The Hazard in this case was the nip, crush pinch and/or trap points on the feed unit of the Titan 1, including the nip, crush, pinch and/or trap points at the entry to the feed rolls from the feed table, and the feed rolls themselves. In June 2017, Visy issued its SWP which specifically warned about the Hazard and the severity of any potential injury if a person was exposed to the Hazard.

The Hazard was also identified in a Machine Guarding & Nip Point Audit that was completed across May to June 2019, in response to an Improvement Notice issued as a result of guarding concerns on other machinery.

Finally, Visy was generally aware of Hazards of this nature as three employees had suffered nip, crush or pinch injuries previously, albeit on different machines, in different circumstances, and over a period exceeding 10 years.


The operator had not been trained in the SWP or completed the relevant competency assessments, as required by the SWP.

The operator, the person primarily responsible for clearing jams on the feed end of the Titan 1 that morning, only saw the SWP after the incident and was not the subject of a relevant competency test.

The operator commenced employment with Visy in August 2019. On or about 12 August 2019 he completed the Hazard Induction Training. This training lasted over 30 minutes and involved the supervisor taking the operator through various machines in the Workplace, identifying various hazards and asking him to explain or demonstrate his understanding of the various hazards and issues identified in the document. Included in the Employee Training and Induction Form which evidences the Hazard Induction Training is a generic section for "Feed Units", which notes "Machine must be stopped before any jam-ups are cleared. Stopping the machine maybe achieved by pushing the normal machine stop." The generic nature of this mandate is because the manner in which 'stop' buttons function at the Workplace are not materially different across all the machines on site.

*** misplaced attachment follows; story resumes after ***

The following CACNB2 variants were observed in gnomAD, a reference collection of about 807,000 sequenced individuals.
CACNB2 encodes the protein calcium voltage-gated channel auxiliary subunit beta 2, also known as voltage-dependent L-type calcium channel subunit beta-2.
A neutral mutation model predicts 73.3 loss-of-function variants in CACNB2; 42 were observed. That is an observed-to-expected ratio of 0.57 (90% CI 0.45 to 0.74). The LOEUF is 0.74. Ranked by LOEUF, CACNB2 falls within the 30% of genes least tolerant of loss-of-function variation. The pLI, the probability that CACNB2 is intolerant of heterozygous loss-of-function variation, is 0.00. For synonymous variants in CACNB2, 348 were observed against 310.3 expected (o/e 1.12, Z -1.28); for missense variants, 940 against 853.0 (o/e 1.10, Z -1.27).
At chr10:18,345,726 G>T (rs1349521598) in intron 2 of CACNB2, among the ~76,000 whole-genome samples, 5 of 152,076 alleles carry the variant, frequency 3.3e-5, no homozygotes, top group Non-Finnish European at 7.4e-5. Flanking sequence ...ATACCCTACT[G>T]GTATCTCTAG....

Sometime in late 2019, the operator commenced training to perform the role of operator on the Titan 1. He had not previously worked with such machines prior to his employment with Visy.

The training provided was on the job training, with the operator paired with an experienced operator of the Titan 1. The training involved the operator observing the experienced operator perform the role, asking questions and learning from what the experienced operator did. This occurred on an ad hoc basis for around 6 weeks. The experienced operator who trained the operator did not assess his competency to operate the Titan 1. No competency assessment was performed in relation to the operator prior to 7 January 2020. Nor was the operator ever asked to demonstrate the procedure for clearing a jam on the feed end of the Titan 1 to the floor supervisor (who was ordinarily responsible for doing the competency assessment) or the experienced operator who trained him on the Titan 1.